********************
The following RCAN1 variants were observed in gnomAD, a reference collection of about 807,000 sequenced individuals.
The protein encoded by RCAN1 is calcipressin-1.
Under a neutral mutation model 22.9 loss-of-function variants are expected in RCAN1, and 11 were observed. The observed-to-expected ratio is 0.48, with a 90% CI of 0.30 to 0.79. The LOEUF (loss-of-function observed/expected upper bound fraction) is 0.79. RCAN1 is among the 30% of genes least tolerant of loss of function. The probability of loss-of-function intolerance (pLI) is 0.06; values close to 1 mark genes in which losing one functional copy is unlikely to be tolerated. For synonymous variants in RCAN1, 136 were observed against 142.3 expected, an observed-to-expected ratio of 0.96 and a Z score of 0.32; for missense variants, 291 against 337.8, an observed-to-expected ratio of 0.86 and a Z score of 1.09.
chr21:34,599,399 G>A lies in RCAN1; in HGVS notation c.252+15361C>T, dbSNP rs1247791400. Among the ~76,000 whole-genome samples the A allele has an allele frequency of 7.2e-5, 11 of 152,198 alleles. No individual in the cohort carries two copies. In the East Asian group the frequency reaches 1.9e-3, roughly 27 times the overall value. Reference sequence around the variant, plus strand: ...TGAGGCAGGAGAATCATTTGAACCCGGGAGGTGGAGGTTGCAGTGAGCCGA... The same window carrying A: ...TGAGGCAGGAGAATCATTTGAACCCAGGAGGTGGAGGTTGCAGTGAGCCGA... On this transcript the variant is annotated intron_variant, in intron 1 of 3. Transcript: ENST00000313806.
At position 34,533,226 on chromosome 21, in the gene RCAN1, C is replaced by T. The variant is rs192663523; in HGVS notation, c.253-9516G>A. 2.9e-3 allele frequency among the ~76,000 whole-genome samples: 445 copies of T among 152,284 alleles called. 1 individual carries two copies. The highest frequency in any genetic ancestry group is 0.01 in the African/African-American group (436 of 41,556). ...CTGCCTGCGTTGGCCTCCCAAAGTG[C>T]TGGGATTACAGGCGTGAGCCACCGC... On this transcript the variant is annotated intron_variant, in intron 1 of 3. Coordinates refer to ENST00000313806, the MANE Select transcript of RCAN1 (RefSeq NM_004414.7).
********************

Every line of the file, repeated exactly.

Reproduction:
The following RCAN1 variants were observed in gnomAD, a reference collection of about 807,000 sequenced individuals.
The protein encoded by RCAN1 is calcipressin-1.
Under a neutral mutation model 22.9 loss-of-function variants are expected in RCAN1, and 11 were observed. The observed-to-expected ratio is 0.48, with a 90% CI of 0.30 to 0.79. The LOEUF (loss-of-function observed/expected upper bound fraction) is 0.79. RCAN1 is among the 30% of genes least tolerant of loss of function. The probability of loss-of-function intolerance (pLI) is 0.06; values close to 1 mark genes in which losing one functional copy is unlikely to be tolerated. For synonymous variants in RCAN1, 136 were observed against 142.3 expected, an observed-to-expected ratio of 0.96 and a Z score of 0.32; for missense variants, 291 against 337.8, an observed-to-expected ratio of 0.86 and a Z score of 1.09.
chr21:34,599,399 G>A lies in RCAN1; in HGVS notation c.252+15361C>T, dbSNP rs1247791400. Among the ~76,000 whole-genome samples the A allele has an allele frequency of 7.2e-5, 11 of 152,198 alleles. No individual in the cohort carries two copies. In the East Asian group the frequency reaches 1.9e-3, roughly 27 times the overall value. Reference sequence around the variant, plus strand: ...TGAGGCAGGAGAATCATTTGAACCCGGGAGGTGGAGGTTGCAGTGAGCCGA... The same window carrying A: ...TGAGGCAGGAGAATCATTTGAACCCAGGAGGTGGAGGTTGCAGTGAGCCGA... On this transcript the variant is annotated intron_variant, in intron 1 of 3. Transcript: ENST00000313806.
At position 34,533,226 on chromosome 21, in the gene RCAN1, C is replaced by T. The variant is rs192663523; in HGVS notation, c.253-9516G>A. 2.9e-3 allele frequency among the ~76,000 whole-genome samples: 445 copies of T among 152,284 alleles called. 1 individual carries two copies. The highest frequency in any genetic ancestry group is 0.01 in the African/African-American group (436 of 41,556). ...CTGCCTGCGTTGGCCTCCCAAAGTG[C>T]TGGGATTACAGGCGTGAGCCACCGC... On this transcript the variant is annotated intron_variant, in intron 1 of 3. Coordinates refer to ENST00000313806, the MANE Select transcript of RCAN1 (RefSeq NM_004414.7).